Could there be more surprises before July 8 — or even July 10 or so, if the judge provides a couple more days of decision-making, as he may? The McClatchy board, which makes the decision on who to recommend as the company’s buyer to the bankruptcy judge, can still receive new bids this week. Will any appear?

There remains a big question of valuation. What is McClatchy worth today — and more importantly, given the $300 million purchase price, tomorrow or in 2023? Its just-under-$100 million pre-COVID free cash flow, will be substantially reduced by the major continuing advertising crater driven by pandemic and recession.

With significantly reduced revenue — “we don’t even know what the fourth-quarter will look like, much less the next three years,” one keen financial observer says — what is this company really worth?

One answer to that question is: To whom? While Chatham maintains interests in both Canada’s major Postmedia daily chain, and in AMI’s National Enquirer, it can’t fruitfully combine McClatchy assets with either. It can’t — in the parlance of financialization and consolidation — grab the golden ring of “synergies.” Gannett CEO Mike Reed has claimed that the Gannett/GateHouse merger will produce $300 million in synergies, major cuts of what are said to be redundant and overlapping costs as the two companies — quite fitfully, say those inside the merger — become one.

How much could Alden further squeeze if it combined McClatchy’s properties with its MNG dailies and weeklies? The total could be $100 million or more. And what if Alden further crunched together Tribune’s papers, creating an Alden MNG/McClatchy/Tribune rollup? Such a company would approach the new Gannett in size and reach. Together, Gannett and Alden would control almost one-half of U.S. local daily readership.

All of that math means that McClatchy offers a different value to Alden than it does to Chatham. Alden knows its numbers; if it’s bidding, we’d expect it to be playing to win — and beat Chatham’s offer.

But Chatham — by its position as McClatchy’s largest investor and debtholder — is in a unique position, and most observers believe that, financially, its takeover makes the most sense.

As I’ve written, even if Chatham wins McClatchy, what might it do with it afterwards? In fact, Alden’s emergence as a bidder here renews speculation that Chatham may be a short-term owner. It could well move to merge with Alden’s MNG Enterprises — or the new Gannett, as I’ve suggested — sooner or later.

There’s also the glimmer of hope among civic leaders — both the mayors of Miami and Sacramento have written the bankruptcy judge, appealing for a resolution that supports community journalism — that Chatham may be willing to sell individual properties to civic leaders, backed by philanthropy.

For them, this week’s drama is only Act I.

The standstill that’s not a standstill?

While it’s not surprising, this Alden bid for McClatchy could help explain why, mysteriously to some, Alden agreed to a new “standstill” agreement with Tribune last week. Standstills are meant to offer protection against hostile takeovers by current shareholders. This one appears to be an imperfect vaccine.

Alden chairman Randy Smith joining the Tribune board got the headlines last week. Essentially: The Man With A Dozen Palm Beach Mansions Goes Public. But his presence was a bit overblown. First off, the Tribune board isn’t exactly a Trump rally, but rather a small, fairly private boardroom session.

Second, how much do we really care about why Smith, and not his sidekick-in-newspaper-cutting Heath Freeman or some other underling, took the seat? We’ll have to wait for Freeman’s tell-all, but in the meantime, the question is where this month’s events lead. The smart money still says we will likely see a more formal combination of Alden’s MNG Enterprises newspapers and Tribune’s at some point.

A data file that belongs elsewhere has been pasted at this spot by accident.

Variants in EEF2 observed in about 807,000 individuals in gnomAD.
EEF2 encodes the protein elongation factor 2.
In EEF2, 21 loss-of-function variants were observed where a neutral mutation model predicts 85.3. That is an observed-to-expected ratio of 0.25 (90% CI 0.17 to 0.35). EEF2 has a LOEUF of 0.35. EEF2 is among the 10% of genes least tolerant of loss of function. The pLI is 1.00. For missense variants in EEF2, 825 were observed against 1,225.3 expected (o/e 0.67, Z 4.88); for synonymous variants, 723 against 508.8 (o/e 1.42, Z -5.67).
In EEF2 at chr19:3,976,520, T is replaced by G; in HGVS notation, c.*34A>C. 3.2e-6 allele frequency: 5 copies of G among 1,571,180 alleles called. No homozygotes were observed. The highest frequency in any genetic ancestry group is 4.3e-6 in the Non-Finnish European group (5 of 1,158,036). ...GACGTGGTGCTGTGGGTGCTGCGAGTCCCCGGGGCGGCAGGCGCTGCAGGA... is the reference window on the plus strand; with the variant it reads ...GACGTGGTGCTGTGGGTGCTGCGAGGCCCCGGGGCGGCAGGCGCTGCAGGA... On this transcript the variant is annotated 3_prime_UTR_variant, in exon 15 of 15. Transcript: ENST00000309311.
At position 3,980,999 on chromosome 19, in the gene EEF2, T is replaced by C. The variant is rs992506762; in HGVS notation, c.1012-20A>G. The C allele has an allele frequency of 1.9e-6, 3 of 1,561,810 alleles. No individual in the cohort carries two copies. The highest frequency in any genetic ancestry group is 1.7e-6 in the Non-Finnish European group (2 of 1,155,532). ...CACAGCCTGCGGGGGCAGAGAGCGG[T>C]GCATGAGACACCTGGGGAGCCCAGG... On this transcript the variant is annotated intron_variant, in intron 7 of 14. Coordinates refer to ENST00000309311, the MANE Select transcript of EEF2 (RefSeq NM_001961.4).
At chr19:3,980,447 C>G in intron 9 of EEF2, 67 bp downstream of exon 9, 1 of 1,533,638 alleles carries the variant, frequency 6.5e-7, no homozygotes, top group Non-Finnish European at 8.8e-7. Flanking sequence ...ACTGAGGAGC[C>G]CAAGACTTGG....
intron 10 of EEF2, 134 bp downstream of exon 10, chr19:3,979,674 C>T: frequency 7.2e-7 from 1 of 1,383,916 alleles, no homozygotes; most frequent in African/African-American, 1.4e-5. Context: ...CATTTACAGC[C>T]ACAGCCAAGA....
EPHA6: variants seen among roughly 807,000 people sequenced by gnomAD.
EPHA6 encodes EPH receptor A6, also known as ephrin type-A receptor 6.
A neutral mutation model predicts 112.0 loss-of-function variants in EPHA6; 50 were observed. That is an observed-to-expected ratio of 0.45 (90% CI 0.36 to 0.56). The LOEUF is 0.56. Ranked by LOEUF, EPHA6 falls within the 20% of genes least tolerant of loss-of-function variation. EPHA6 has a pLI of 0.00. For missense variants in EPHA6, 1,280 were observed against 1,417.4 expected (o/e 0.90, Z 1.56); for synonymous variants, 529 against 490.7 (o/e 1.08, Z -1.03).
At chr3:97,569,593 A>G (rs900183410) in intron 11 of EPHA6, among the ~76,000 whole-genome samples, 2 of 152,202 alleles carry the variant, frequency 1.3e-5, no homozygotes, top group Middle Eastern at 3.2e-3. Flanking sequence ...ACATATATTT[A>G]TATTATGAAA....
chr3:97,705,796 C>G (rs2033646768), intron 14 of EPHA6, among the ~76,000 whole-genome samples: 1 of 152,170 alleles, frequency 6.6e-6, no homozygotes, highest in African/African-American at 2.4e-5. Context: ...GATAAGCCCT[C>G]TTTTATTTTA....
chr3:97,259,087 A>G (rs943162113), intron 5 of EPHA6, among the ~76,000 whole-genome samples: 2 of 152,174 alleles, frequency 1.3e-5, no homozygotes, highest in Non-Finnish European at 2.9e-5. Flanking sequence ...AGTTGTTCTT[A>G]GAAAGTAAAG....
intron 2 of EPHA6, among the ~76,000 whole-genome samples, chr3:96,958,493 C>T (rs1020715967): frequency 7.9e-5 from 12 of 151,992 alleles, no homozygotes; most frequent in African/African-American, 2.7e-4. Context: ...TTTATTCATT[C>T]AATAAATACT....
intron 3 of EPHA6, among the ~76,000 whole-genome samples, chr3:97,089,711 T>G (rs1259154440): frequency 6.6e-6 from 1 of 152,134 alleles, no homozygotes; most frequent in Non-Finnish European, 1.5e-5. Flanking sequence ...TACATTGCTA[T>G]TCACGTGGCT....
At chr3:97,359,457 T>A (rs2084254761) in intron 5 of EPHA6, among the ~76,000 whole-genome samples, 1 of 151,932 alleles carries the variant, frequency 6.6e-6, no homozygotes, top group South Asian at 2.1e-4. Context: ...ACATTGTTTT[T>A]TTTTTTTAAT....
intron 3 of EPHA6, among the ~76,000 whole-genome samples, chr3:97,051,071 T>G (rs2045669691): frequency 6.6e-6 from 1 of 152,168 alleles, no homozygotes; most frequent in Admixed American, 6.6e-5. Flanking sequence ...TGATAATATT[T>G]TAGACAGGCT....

As well-documented in Chicago Tribune reporter Bob Channick’s story, the announced “standstill” to push off an Alden takeover rests on some pretty squishy sand. It seems to be a standstill in name only.

As Channick explained: “A filing Thursday with the Securities and Exchange Commission lays out a number of circumstances — from other major shareholders teaming up to someone making an offer to buy Tribune Publishing — that would terminate the agreement and allow Alden to buy more shares…In fact, Alden itself could make an offer to buy a majority stake in the company, despite the standstill agreement.”

In essence, within the SEC filings, Alden has placed itself in the driver’s seat, able to act when it wants to and fairly able to prevent others from buying Tribune. And all the while, it gets a front-row seat to examine any company financial detail it wants.

And of course it gets the lucky seventh board seat at Tribune Publishing, two months after the company dispatched its two longest-standing and journalism-supporting board members, reducing the board to six. Two of those six, appointed soon after Alden bought a third of the company in November, were hand-picked by Alden.

Add it up, and Alden keeps Tribune right where it wants it while it plays the field.

Or to put it in more graphic terms, as one top industry leader suggested Sunday: “Alden can keep one foot on Tribune’s neck while they’re seeing what plays out with McClatchy.”

In the meantime, as Joshua Benton summed up last week, Alden can continue to let other guys do the cutting, while it assesses longer-term COVID-driven business damage.

Then there’s always, simply, the money. This isn’t the easiest environment to win financing for a newspaper deal. One deeply knowledgeable financial source offers an elegantly simple surmise: “They probably can’t find a way to finance the deal, so they have to wait and see. These guys need leverage to do deals, so this is a delay and blocking tactic.”

Disclosures! The Knight Foundation is a financial supporter of the Nieman Foundation, which published Nieman Lab. It’s also given a grant to Lookout Local, Ken Doctor’s local news startup. And, as previously noted, Ken is a former Knight Ridder executive, meaning he was among those affected by McClatchy’s early 2020 cessation of “non-qualified” pension payments.

POSTED     July 6, 2020, 9 a.m.